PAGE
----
The statement contrasts the attitude of "the philosophers" with the attitude of "the romantics." If the writer had meant to refer to the attitude of the philosophers who were contemporary with the romantics, the verb would have been regarded. Obviously, during the Romantic movement, there were philosophers, but the writer didn't mean to refer to those philosophers who were active at the same time as the Romantic movement.
The writer was contrasting the romantics' attitude with a philosophy, a view of human feelings, that was already established. The writer was depicting "the philosophers'" view of human feelings as having come into existence and become prevalent prior to the rise of the Romantic movement.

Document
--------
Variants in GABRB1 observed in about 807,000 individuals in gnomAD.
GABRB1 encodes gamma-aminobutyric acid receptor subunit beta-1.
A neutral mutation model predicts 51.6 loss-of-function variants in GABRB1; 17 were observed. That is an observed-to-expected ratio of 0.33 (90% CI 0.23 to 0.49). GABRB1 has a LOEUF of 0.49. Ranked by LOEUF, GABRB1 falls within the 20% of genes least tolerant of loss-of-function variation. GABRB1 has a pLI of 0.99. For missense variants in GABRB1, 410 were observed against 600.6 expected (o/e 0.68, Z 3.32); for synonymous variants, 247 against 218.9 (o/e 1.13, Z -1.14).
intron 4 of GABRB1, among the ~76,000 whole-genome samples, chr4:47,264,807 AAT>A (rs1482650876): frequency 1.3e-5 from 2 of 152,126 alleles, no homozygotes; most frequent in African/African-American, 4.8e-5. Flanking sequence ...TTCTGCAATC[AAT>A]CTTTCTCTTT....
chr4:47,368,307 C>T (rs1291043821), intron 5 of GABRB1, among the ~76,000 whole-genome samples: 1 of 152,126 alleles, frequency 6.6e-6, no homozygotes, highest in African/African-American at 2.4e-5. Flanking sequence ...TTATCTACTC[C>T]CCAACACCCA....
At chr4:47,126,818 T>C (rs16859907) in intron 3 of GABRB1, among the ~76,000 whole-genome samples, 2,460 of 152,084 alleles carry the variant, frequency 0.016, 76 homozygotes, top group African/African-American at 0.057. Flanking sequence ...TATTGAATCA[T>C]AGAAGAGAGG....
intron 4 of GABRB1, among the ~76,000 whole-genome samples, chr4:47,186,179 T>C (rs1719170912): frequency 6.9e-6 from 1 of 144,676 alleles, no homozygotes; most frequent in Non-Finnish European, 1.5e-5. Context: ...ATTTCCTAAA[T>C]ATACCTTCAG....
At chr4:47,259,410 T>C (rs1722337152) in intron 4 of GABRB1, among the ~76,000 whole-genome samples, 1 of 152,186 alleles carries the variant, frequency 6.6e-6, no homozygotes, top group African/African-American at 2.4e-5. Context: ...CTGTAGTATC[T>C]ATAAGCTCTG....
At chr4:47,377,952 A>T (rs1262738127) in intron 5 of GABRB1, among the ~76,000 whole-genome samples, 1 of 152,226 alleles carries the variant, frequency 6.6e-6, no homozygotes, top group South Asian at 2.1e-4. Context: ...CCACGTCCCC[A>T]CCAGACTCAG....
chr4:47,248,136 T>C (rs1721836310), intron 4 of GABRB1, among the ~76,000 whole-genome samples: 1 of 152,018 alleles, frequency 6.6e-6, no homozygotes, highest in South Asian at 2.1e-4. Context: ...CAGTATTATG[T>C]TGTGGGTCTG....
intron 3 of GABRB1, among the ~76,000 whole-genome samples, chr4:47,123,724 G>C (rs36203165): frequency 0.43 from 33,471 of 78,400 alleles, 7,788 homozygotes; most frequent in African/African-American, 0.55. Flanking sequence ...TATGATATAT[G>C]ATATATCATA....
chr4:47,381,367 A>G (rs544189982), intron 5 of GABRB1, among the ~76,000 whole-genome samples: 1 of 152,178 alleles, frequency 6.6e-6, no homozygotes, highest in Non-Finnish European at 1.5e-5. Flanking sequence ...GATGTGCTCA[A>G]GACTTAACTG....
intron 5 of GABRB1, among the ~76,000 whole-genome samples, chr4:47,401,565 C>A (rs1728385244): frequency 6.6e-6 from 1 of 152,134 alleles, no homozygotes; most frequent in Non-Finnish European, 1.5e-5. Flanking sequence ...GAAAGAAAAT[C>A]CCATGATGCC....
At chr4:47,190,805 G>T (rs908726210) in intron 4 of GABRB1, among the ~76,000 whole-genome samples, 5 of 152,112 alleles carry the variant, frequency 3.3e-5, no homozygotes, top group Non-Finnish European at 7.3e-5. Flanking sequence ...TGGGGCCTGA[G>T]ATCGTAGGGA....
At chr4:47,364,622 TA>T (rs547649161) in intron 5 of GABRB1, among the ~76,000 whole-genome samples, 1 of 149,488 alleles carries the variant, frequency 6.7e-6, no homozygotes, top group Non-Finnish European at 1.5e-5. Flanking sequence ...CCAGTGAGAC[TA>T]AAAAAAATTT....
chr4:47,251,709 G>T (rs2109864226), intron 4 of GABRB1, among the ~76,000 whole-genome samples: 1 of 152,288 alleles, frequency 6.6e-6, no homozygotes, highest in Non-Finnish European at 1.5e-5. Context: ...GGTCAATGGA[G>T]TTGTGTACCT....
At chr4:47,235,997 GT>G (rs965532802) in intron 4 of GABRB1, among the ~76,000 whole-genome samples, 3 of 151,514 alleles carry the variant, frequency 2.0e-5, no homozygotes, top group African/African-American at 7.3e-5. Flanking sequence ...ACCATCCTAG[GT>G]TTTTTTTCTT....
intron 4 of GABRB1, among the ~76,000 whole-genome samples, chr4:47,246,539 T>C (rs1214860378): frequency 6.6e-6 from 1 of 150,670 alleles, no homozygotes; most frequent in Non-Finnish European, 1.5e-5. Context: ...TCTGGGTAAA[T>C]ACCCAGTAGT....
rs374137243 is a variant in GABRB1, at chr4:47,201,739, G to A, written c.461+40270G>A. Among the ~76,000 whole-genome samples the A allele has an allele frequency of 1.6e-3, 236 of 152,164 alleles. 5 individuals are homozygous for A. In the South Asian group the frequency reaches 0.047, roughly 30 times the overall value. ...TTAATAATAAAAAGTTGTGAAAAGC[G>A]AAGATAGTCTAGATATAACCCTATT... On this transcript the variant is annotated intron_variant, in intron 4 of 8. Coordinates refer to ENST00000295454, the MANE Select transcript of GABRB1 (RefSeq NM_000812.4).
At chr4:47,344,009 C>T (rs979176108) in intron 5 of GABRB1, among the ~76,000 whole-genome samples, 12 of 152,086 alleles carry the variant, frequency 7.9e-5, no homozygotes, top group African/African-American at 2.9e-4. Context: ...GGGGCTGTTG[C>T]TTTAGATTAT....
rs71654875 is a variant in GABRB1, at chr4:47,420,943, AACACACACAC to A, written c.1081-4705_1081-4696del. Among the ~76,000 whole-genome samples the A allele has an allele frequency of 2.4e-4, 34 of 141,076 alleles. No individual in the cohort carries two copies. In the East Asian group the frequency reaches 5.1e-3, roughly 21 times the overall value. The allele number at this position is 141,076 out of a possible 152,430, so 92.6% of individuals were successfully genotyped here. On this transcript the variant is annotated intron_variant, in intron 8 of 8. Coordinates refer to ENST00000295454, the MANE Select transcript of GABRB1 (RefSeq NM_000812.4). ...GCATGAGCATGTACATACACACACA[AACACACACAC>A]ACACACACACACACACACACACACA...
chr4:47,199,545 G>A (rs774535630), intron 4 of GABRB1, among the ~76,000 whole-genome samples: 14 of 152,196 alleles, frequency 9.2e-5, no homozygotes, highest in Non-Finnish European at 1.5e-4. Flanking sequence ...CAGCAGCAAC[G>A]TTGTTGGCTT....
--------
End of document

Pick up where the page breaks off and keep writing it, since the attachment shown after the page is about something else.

Can it refer to feelings? The singular pronoun it should not be used to refer to a plural noun. Many writers, however, forget this rule, and use pronouns and even verbs that do not agree in number with their antecedents. The writer may have been influenced by the use of the singular noun obstacle, which occurs closer to the pronoun than the true antecedent, feelings. The principle underlying this use of a number marking that agrees with the closest noun rather than with the true antecedent is called "proximity." Such lack of number agreement is quite widespread, even though it is not grammatical.